Sunday | 2pm - 3pm (BST)
Small Group Conversation | Age 16+
Artist Surgery - On Digital
With Jason Crouch, Paula Varjack and Rachel Briscoe
The Artist Surgeries are designed to offer a space for in-depth, open exchange with someone who has a specialism, lived experience, or interest in a particular topic, field or subject area. You are invited to bring along questions or ideas you want to explore in the session that relate to your own creative practice. Don’t be shy!
Join Jason Crouch for a one hour surgery to chat about the collision between technology and performance, to share experiences of creating work in digital spaces, and to speculate on where we might go next. Jason has invited Paula Varjack and Rachel Briscoe to join him, two artists who have been occupying digital space in their work since before it was all Covid fashionable.
Over the past year or so, more artists than ever before have experimented with digital and online work, forced out of theatres and performance spaces and into the bits and bytes of the network. Yet more than half of our day-to-day interactions with each other are now digital or online, and our exploration of the virtual and hybrid spaces shouldn’t stop at the last vaccination.
We’re not interested in making digital theatre as a standby before getting back to normal, rather as an exploration of who we are in online spaces, what we can make there, and how we connect with each other once we’re there.
Oh, we’ll probably also talk about OBS, streaming and Zoom.
Jason is an artist, researcher and technology specialist with a particular interest in live performance. His roles have included producer and production manager for online and offline live events including large scale, site-specific performance, immersive experiences and intimate theatrical encounters. He has been engaged as a dramaturg, writer, sound and video designer, technology specialist, and occasionally as a performer.
Completing his practice-based PhD at Manchester Metropolitan University in 2017. His research and practice continues to investigate the intersection of performance and technology, with a particular interest in inclusion and access afforded by new technologies.
During the Covid 19 crisis he has chatted, collaborated or consulted with artists working in a wide range of disciplines, mainly helping them take work online or to make new work in an online or digital context. These artists and companies include Gudrun Soley Sigurdardottir, Conor A (indoorstoomuch), Greg Wohead, Will Dickie, Caroline Horton, Hidden Track, Forced Entertainment, James Monagahan, Nigel and Louise (Shunt), Selina Thompson, Ridiculusmus, Quarantine and Slung Low. He worked as a technology specialist for Gateshead International Festival of Theatre supporting their pivot to an online only festival in May 2020, with Black Gold Arts helping to create their first digital festival, and he continues to work with the arts centre Home in Manchester on their series of digital commissions: HomeMakers.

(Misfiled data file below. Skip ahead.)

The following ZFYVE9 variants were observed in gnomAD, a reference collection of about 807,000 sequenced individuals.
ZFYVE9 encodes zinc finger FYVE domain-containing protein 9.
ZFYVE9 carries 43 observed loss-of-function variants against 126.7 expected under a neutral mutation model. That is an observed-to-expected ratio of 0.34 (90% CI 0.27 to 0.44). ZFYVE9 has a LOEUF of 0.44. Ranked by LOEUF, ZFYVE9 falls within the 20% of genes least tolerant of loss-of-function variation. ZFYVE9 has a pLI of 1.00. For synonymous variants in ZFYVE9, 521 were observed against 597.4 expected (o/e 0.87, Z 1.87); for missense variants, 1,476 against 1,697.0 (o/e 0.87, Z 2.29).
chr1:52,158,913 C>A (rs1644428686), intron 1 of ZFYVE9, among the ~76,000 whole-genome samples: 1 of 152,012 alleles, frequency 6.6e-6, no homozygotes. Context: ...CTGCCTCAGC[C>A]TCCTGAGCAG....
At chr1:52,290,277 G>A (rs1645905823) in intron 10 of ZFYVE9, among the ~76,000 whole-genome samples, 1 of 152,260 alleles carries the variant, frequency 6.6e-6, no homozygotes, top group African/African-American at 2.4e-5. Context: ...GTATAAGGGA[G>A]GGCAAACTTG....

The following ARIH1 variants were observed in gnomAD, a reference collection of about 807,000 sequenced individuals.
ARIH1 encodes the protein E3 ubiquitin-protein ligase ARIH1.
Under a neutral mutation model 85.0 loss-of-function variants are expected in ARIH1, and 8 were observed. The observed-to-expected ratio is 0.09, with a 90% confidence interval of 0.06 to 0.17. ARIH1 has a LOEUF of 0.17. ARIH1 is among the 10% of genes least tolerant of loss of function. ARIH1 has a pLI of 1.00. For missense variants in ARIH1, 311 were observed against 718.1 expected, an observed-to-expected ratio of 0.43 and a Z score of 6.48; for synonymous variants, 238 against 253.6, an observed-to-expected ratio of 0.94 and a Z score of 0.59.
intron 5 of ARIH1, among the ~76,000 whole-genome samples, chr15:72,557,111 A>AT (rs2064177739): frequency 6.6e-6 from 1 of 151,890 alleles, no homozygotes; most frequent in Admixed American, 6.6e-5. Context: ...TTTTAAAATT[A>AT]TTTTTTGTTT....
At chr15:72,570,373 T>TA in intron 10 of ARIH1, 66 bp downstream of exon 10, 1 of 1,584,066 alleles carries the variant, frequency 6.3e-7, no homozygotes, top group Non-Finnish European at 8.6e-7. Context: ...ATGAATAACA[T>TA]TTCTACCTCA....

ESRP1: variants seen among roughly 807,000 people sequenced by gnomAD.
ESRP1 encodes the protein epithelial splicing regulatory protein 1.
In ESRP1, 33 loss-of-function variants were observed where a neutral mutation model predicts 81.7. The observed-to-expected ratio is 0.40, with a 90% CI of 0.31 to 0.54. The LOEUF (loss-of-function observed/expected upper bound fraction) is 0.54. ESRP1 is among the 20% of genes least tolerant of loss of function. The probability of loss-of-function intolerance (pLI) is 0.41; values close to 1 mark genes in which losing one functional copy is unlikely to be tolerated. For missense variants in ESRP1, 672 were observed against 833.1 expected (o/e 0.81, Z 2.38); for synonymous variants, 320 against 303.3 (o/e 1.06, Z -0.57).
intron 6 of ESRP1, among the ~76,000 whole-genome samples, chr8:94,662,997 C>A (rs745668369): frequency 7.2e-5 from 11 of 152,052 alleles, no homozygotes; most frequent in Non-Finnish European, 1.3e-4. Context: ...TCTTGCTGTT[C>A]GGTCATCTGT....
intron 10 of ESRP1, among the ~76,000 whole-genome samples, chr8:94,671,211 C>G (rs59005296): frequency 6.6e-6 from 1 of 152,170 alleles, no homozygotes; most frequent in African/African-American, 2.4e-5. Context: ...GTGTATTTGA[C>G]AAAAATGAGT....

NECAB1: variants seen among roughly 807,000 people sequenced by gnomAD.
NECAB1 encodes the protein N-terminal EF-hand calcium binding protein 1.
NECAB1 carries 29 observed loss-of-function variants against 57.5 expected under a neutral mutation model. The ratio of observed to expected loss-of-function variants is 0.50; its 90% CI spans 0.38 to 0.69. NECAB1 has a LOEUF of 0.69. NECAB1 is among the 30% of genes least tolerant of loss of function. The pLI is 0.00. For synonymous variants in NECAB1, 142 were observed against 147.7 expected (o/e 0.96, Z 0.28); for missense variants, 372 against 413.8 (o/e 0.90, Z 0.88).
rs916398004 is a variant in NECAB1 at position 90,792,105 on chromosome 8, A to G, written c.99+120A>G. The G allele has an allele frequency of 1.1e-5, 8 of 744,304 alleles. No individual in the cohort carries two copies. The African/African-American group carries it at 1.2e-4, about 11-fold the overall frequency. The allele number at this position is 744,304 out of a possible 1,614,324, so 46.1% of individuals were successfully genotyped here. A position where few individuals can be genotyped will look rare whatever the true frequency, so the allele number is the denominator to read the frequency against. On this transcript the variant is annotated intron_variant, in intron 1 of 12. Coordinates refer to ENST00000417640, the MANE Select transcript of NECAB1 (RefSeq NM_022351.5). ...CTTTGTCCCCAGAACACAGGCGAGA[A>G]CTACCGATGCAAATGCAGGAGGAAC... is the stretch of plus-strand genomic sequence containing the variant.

Paula Varjack is an artist working in performance, video and participation. She makes work as a way of making sense of and communicating with the world. In every show she makes, she aims to find the balance between making audiences question themselves, and feeling like they have had a fun night out. She uses storytelling to take audiences on a journey, shining light on what some might find uncomfortable, or may not have contemplated before. She is a London Pleasance associate artist and a Barbican Open Lab artist. She has been commissioned to make work by The Barbican, Battersea Arts Centre, Camden People’s Theatre, Fuel, The Marlborough, Attenborough Centre for the Arts, Upstart Theatre, Beam, and First Draft Cabaret.
She is the creator of the Anti-Slam a satirical take on Poetry Slams where the lowest score wins. In addition to creating, she facilitates writing and performance workshops with a wide range of age groups, and mentors emerging artists on developing their creative practice. Born in Washington D.C. to a Ghanaian mother and a British father, out of many places she has lived she considers east London to be "home".
Rachel Briscoe is one of Fast Familiar’s lead artists. Fast Familiar is an interdisciplinary collaboration combining expertise in narrative design, creative technology and facilitation. We make artworks which are participatory, playful and political, and which often utilise ‘digital technology’ to create new forms of human connection. For us, art is a space to explore questions which are too complex for daily life. We think art can be experimental and ambitious without being elitist.
Rachel trained as a playwright (Royal Court and Soho theatres) and theatre director (National Theatre Directors Course). For 5 years to 2015, she worked at Ovalhouse as Director of Theatre (jobshare) where the Guardian credited her with ‘restoring order to Ovalhouse with bold, experimental programming.’ These days, she mainly works as a writer, dramaturg and producer of audience-centric work.